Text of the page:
Houston Writers Take Over DC During AWP

March 10, 2017, by

2013-AWP-logoThis year, the Association of Writers & Writing Programs held its annual conference (AWP) in Washington, D.C.  More than 12,000 writers and publishers flooded the city for four days of craft talks, panel presentations, readings, and more.  Houston writers represented the best of our city’s expansive literary community.  In fact, Houston was so well-represented at AWP it would be impossible to list every event.  Instead, I’ll highlight just a few.

Poetry fans packed the house at DC-bar Bayou for a late-night reading hosted by University of Houston-based Gulf Coast: A Journal of Literature and Fine Arts.  (Other hosts for the event, called The Magnificent Seven, included AGNI, American Literary Review, Boulevard, cream city review, Pleiades, and PoemoftheWeek.org.)  The spirited crowd cheered readings by Chen Chen, Alice Elliott Dark, Matt Donovan, David Keplinger, Shara McCallum, Gregory Pardlo, Caitlin Pryor, Maggie Smith, and Ryo Yamaguchi.  Gulf Coast also held down a table at the book fair throughout AWP, and presented Gulf Coast: 30 Years in the Life of a Student-Run Journal, a dialogue with several past journal editors.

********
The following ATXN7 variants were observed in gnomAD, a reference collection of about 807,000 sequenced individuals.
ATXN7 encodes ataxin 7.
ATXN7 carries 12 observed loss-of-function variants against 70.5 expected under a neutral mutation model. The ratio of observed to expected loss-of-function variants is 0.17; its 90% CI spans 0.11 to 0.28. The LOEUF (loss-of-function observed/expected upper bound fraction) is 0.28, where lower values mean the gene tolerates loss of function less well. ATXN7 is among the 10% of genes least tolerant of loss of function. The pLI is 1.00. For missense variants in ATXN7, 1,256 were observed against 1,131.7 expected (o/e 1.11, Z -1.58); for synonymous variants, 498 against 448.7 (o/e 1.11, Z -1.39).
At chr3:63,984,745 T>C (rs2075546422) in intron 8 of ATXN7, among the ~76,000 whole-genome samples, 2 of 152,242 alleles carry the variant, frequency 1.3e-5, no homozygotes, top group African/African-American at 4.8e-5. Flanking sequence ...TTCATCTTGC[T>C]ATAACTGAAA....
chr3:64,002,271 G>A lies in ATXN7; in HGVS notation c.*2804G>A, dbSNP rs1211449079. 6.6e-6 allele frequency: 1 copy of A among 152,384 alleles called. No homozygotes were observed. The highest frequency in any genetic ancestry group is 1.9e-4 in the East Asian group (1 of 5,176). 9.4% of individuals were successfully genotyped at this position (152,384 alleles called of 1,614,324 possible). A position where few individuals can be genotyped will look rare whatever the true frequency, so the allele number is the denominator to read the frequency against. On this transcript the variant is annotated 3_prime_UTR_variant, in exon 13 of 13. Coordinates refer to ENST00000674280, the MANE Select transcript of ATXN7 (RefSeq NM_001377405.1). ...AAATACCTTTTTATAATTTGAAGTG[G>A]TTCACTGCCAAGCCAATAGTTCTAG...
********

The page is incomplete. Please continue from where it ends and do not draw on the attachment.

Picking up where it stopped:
Across town, University of Houston Creative Writing Program (UH CWP) graduate student Niki Herd joined Jan Beatty, Sarah Browning, Denise Duhamel, and Valerie Martinez at Coffy Café for another well-attended reading.  In addition, Herd moderated a panel on Sexual Violence and the Poem as a Formal Body.  Cait Weiss, also a UH CWP graduate student, participated in the panel.

Other events featuring Houston writers included poet and UH CWP professor Kevin Prufer, who presented on Expanding the Canon; poet and UH CWP professor Nick Flynn, who spoke on Strange Bedfellows: The Unholy Mingling of Politics and Art; two panels with Houston-writer Joanna Eleftheriou, one on Creative Writing and Social Justice, and another on Going There: Writing the Complicated Truth in the World Hot Spots; and many more.

As always, AWP was boisterous, eye-opening, and instructive.  For that, we have many Houston writers to thank. To learn more about the conference visit the AWP website here.

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